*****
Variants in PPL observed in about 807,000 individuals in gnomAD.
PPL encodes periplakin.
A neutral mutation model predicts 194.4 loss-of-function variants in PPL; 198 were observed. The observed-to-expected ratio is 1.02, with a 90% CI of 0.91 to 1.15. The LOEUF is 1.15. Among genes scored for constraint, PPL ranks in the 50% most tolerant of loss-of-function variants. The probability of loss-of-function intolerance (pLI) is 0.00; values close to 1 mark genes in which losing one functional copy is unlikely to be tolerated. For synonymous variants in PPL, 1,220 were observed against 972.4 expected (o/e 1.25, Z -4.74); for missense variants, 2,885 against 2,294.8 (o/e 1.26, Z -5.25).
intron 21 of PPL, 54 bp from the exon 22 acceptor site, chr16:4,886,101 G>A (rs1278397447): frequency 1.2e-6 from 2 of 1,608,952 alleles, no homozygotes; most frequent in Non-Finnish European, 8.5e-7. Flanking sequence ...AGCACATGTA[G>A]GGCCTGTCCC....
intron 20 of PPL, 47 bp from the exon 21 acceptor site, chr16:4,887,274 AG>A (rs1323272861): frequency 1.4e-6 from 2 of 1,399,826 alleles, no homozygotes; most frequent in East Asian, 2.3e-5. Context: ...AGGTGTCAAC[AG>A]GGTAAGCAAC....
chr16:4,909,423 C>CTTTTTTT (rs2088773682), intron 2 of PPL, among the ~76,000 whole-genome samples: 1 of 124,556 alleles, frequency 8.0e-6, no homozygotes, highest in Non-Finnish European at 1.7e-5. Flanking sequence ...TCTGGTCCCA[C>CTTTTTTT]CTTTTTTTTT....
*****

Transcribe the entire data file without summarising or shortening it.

Variants in PPL observed in about 807,000 individuals in gnomAD.
PPL encodes periplakin.
A neutral mutation model predicts 194.4 loss-of-function variants in PPL; 198 were observed. The observed-to-expected ratio is 1.02, with a 90% CI of 0.91 to 1.15. The LOEUF is 1.15. Among genes scored for constraint, PPL ranks in the 50% most tolerant of loss-of-function variants. The probability of loss-of-function intolerance (pLI) is 0.00; values close to 1 mark genes in which losing one functional copy is unlikely to be tolerated. For synonymous variants in PPL, 1,220 were observed against 972.4 expected (o/e 1.25, Z -4.74); for missense variants, 2,885 against 2,294.8 (o/e 1.26, Z -5.25).
intron 21 of PPL, 54 bp from the exon 22 acceptor site, chr16:4,886,101 G>A (rs1278397447): frequency 1.2e-6 from 2 of 1,608,952 alleles, no homozygotes; most frequent in Non-Finnish European, 8.5e-7. Flanking sequence ...AGCACATGTA[G>A]GGCCTGTCCC....
intron 20 of PPL, 47 bp from the exon 21 acceptor site, chr16:4,887,274 AG>A (rs1323272861): frequency 1.4e-6 from 2 of 1,399,826 alleles, no homozygotes; most frequent in East Asian, 2.3e-5. Context: ...AGGTGTCAAC[AG>A]GGTAAGCAAC....
chr16:4,909,423 C>CTTTTTTT (rs2088773682), intron 2 of PPL, among the ~76,000 whole-genome samples: 1 of 124,556 alleles, frequency 8.0e-6, no homozygotes, highest in Non-Finnish European at 1.7e-5. Flanking sequence ...TCTGGTCCCA[C>CTTTTTTT]CTTTTTTTTT....